#
# continutaion continuation
# of current of previous
# recursive step recursive step
#  
# (x * result) followed by cont
#
# which can be written as: cont(x * result)
#
else: return power(x, n  1, lambda result: cont(x * result))
Small example just to make sure we’re on the same page:
# to solve: power(x=3, n=6)
power(3, 6, lambda r: r)
# n is even
power(3 * 3, 6 // 2, lambda r: r)
# n is odd
power(9, 3  1, lambda result: (lambda r: r)(9 * result))
# n is even
power(9 * 9, 2 // 2, lambda result: (lambda r: r)(9 * result))
# n == 1
return (lambda result: (lambda r: r)(9 * result))(81)
= (lambda r: r)(9 * 81))
= 729
The final answer gets simplified beautifully to 729
.
With Listing 6, “v3  Iterative implementation with continuations” we have eliminated tail recursion once again. What’s cool is that the last transformation that we did can also be done mechanically by a compiler if they so wish.
But you are probably asking what did we really gain in Listing 6, “v3  Iterative implementation with continuations” compared to Listing 3, “v2  Iterative with a bit of recursion implementation”? We still have $O(n)$ space complexity in worst case because of the continuations.
Yes, we do. But we have gained something else. We have gained a hint of knowledge about continuations. Continuations are a powerful concept in programming languages that is worth exploring on it own. But we’re not going to do that here. We’re going to continue with our problem.
We can make one more observation in above Listing 7, “v3  Iterative implementation with continuations example” to see if we can do better.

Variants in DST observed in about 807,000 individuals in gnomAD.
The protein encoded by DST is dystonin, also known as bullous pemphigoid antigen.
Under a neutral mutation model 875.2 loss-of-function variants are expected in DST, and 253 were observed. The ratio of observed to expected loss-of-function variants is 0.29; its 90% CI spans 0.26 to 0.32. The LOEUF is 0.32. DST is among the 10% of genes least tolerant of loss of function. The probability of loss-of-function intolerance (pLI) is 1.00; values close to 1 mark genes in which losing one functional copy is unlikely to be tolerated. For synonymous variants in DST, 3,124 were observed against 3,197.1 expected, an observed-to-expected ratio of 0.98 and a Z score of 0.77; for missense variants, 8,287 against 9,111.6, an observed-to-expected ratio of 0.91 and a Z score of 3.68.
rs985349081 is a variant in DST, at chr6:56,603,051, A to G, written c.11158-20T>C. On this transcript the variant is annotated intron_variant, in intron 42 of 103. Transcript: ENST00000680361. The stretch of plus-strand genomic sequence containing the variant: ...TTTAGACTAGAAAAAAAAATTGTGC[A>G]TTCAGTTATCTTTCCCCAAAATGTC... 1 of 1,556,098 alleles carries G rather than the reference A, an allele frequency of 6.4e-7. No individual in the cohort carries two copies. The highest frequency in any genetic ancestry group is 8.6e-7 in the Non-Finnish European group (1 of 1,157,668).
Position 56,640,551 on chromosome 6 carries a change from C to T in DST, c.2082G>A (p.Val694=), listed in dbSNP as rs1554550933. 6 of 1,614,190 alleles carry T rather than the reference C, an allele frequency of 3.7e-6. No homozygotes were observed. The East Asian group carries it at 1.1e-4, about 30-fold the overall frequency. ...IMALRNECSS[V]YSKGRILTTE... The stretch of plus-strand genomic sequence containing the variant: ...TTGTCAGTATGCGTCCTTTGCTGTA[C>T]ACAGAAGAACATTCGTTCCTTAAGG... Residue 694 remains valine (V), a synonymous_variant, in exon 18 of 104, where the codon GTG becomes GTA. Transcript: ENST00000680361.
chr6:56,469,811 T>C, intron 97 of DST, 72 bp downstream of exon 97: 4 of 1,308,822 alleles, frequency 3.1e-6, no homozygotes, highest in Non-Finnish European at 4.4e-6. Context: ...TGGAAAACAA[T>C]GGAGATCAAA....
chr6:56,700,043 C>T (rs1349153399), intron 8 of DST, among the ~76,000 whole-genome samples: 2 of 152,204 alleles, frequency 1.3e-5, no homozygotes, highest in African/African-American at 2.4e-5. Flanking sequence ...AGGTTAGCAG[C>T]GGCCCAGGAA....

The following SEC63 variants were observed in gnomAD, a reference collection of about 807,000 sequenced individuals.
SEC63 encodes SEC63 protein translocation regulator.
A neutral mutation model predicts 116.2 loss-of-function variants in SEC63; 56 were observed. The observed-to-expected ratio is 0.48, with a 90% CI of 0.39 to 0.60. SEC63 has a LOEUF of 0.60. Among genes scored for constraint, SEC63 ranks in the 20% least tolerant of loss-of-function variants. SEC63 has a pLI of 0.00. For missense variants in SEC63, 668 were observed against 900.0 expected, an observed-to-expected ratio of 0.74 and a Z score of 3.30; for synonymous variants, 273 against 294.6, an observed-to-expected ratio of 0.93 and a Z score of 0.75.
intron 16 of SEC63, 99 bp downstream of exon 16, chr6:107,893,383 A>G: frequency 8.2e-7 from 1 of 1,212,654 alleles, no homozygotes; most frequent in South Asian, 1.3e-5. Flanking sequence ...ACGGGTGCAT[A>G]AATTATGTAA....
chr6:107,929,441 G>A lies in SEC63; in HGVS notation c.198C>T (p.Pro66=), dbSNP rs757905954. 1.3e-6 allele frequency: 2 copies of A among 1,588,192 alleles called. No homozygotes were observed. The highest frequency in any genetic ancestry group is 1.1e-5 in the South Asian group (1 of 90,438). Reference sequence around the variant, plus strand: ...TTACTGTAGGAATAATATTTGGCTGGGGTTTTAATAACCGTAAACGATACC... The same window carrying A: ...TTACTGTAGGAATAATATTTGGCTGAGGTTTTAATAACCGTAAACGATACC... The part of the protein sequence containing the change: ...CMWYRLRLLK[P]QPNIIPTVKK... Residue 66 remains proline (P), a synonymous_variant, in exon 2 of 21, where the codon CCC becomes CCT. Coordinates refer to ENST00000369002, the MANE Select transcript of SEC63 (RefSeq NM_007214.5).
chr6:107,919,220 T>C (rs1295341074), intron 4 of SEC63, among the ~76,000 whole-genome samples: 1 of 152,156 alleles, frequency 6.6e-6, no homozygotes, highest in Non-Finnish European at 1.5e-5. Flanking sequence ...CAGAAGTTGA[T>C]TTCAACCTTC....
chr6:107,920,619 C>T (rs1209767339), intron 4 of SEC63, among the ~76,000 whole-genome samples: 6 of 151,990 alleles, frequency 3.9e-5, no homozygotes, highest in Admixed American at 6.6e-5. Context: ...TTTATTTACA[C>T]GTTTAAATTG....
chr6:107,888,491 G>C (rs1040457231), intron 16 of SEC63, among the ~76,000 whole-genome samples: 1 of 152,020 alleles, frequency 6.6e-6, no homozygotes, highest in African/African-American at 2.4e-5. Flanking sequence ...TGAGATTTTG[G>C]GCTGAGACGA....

We see that, we wait till the base case (n == 1
) to simplify the result. Do we have to?
Let’s see how the base case looks like for another example.
# to solve: power(x=3, n=14)
...
# at n == 1
return (lambda r1: (lambda r2: (lambda r0: r0)(9 * r2))(81 * r1))(6561)
= (lambda r2: (lambda r0: r0)(9 * r2))(81 * 6561)
= (lambda r0: r0)(9 * 531441))
= 4782969
# ie. without continuation notation
= (9 * (81 * 6561)) 1
= 4782969
1  Notice the paranethesis that make the order of the operations explicit. 
Because of the order of the operations we have to wait till the base case to simplify the result.
But what if we can change the order of the operations?
If we can do 9 * 81
first, then we can simplify the result at the recursive step itself.
And we can do that because we know that multiplication is associative.
Armed with that knowledge let’s try to rewrite Listing 6, “v3  Iterative implementation with continuations”. Instead of lazily accumulating continuations that will evaluate the result at the base case. Let’s eagerly evaluate the accumulations at the recursive step itself.
def power(x: int, n: int, acc: int = 1) > int:
if n == 1:
return acc * x